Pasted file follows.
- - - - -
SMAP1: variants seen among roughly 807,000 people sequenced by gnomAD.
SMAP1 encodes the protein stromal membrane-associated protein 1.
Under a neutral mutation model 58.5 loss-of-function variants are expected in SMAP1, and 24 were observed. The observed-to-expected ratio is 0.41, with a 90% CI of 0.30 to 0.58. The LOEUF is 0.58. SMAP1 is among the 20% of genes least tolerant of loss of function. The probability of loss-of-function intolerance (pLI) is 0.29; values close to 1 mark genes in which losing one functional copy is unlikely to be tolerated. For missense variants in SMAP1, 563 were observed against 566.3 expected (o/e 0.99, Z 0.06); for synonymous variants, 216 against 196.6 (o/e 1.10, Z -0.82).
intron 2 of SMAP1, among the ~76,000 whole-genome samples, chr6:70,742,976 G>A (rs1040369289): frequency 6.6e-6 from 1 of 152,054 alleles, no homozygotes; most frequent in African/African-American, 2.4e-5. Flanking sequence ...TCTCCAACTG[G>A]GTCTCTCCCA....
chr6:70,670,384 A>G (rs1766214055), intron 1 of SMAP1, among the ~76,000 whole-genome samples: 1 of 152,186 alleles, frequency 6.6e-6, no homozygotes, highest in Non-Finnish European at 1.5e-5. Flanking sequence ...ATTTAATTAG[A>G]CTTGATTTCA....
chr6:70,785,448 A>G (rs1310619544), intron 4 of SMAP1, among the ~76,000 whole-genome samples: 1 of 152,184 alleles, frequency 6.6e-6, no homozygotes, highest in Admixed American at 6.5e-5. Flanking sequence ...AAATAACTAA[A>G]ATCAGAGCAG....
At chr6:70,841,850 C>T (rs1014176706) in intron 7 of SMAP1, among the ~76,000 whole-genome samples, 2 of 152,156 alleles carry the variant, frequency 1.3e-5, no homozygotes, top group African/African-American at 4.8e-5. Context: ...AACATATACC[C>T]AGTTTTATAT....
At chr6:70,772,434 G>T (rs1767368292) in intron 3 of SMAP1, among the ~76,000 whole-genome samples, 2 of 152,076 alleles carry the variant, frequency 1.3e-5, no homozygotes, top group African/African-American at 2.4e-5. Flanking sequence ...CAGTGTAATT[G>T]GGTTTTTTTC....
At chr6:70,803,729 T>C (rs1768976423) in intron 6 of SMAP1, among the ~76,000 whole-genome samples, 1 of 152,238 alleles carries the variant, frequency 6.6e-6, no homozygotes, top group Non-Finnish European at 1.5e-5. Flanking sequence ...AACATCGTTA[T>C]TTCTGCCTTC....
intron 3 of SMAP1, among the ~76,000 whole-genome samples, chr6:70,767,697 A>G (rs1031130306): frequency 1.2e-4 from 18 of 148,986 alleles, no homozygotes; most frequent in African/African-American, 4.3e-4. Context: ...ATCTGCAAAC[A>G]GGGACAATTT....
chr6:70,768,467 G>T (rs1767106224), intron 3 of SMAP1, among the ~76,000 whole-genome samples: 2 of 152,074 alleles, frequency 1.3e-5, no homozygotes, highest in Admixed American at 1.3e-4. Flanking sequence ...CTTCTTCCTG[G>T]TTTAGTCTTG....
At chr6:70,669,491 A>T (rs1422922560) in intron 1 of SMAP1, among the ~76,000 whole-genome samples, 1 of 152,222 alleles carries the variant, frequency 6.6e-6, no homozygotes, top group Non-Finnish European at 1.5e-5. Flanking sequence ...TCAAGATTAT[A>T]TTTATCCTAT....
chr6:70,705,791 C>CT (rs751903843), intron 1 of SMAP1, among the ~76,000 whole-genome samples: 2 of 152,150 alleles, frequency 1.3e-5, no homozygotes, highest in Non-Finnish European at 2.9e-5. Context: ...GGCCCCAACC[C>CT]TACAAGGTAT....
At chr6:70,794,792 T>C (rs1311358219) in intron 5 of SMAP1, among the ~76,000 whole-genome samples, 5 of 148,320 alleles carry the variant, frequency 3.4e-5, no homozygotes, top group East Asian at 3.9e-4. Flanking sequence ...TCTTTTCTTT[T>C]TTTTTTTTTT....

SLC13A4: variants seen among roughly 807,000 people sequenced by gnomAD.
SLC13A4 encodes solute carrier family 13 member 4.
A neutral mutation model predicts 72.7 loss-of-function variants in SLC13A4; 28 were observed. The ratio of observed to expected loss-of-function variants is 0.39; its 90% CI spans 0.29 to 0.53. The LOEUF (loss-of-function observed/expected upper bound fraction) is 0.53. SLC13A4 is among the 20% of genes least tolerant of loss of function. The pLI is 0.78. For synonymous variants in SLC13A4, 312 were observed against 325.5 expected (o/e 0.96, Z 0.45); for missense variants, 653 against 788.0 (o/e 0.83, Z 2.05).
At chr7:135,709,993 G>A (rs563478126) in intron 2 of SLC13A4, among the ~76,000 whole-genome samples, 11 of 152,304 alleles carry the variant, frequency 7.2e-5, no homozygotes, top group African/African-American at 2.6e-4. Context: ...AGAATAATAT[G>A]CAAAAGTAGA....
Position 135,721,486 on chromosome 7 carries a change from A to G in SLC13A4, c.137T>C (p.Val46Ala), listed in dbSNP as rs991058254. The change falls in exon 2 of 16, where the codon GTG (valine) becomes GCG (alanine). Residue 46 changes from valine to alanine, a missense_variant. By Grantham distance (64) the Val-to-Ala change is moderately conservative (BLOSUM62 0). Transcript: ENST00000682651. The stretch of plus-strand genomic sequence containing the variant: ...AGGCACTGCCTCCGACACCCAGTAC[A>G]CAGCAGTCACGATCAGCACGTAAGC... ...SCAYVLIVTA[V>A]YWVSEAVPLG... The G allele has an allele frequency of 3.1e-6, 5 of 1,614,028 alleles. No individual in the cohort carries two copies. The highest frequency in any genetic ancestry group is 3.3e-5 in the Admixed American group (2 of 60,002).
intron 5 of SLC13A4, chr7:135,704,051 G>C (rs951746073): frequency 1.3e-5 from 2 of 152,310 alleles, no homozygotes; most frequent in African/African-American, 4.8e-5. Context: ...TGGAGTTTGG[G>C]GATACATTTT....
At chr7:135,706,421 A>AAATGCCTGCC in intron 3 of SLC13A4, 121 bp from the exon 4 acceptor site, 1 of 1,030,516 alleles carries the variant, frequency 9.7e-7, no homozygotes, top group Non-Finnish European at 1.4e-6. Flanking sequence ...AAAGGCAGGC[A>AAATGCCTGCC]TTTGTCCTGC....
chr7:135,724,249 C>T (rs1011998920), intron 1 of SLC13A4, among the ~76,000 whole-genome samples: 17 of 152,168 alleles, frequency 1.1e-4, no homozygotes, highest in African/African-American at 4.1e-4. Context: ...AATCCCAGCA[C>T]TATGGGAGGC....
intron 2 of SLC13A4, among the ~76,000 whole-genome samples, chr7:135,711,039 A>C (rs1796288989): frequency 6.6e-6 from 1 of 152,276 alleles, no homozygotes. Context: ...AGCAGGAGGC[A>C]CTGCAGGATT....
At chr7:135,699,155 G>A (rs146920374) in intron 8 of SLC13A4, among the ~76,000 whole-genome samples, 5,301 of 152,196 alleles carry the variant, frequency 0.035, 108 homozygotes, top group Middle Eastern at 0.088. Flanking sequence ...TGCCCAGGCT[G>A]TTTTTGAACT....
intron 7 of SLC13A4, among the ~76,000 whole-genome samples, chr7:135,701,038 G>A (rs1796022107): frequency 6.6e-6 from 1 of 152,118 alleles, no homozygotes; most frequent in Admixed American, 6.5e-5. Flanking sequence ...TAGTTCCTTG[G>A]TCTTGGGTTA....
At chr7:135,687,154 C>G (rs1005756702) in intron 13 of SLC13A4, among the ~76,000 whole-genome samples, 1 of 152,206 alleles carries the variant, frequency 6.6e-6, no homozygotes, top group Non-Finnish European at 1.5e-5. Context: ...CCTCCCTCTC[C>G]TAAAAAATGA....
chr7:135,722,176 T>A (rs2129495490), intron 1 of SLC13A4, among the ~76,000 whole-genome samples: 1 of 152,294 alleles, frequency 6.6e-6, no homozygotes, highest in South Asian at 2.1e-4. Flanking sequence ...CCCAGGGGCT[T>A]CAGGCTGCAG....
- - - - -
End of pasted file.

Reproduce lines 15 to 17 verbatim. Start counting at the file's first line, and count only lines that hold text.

SLC13A4: variants seen among roughly 807,000 people sequenced by gnomAD.
SLC13A4 encodes solute carrier family 13 member 4.
A neutral mutation model predicts 72.7 loss-of-function variants in SLC13A4; 28 were observed. The ratio of observed to expected loss-of-function variants is 0.39; its 90% CI spans 0.29 to 0.53. The LOEUF (loss-of-function observed/expected upper bound fraction) is 0.53. SLC13A4 is among the 20% of genes least tolerant of loss of function. The pLI is 0.78. For synonymous variants in SLC13A4, 312 were observed against 325.5 expected (o/e 0.96, Z 0.45); for missense variants, 653 against 788.0 (o/e 0.83, Z 2.05).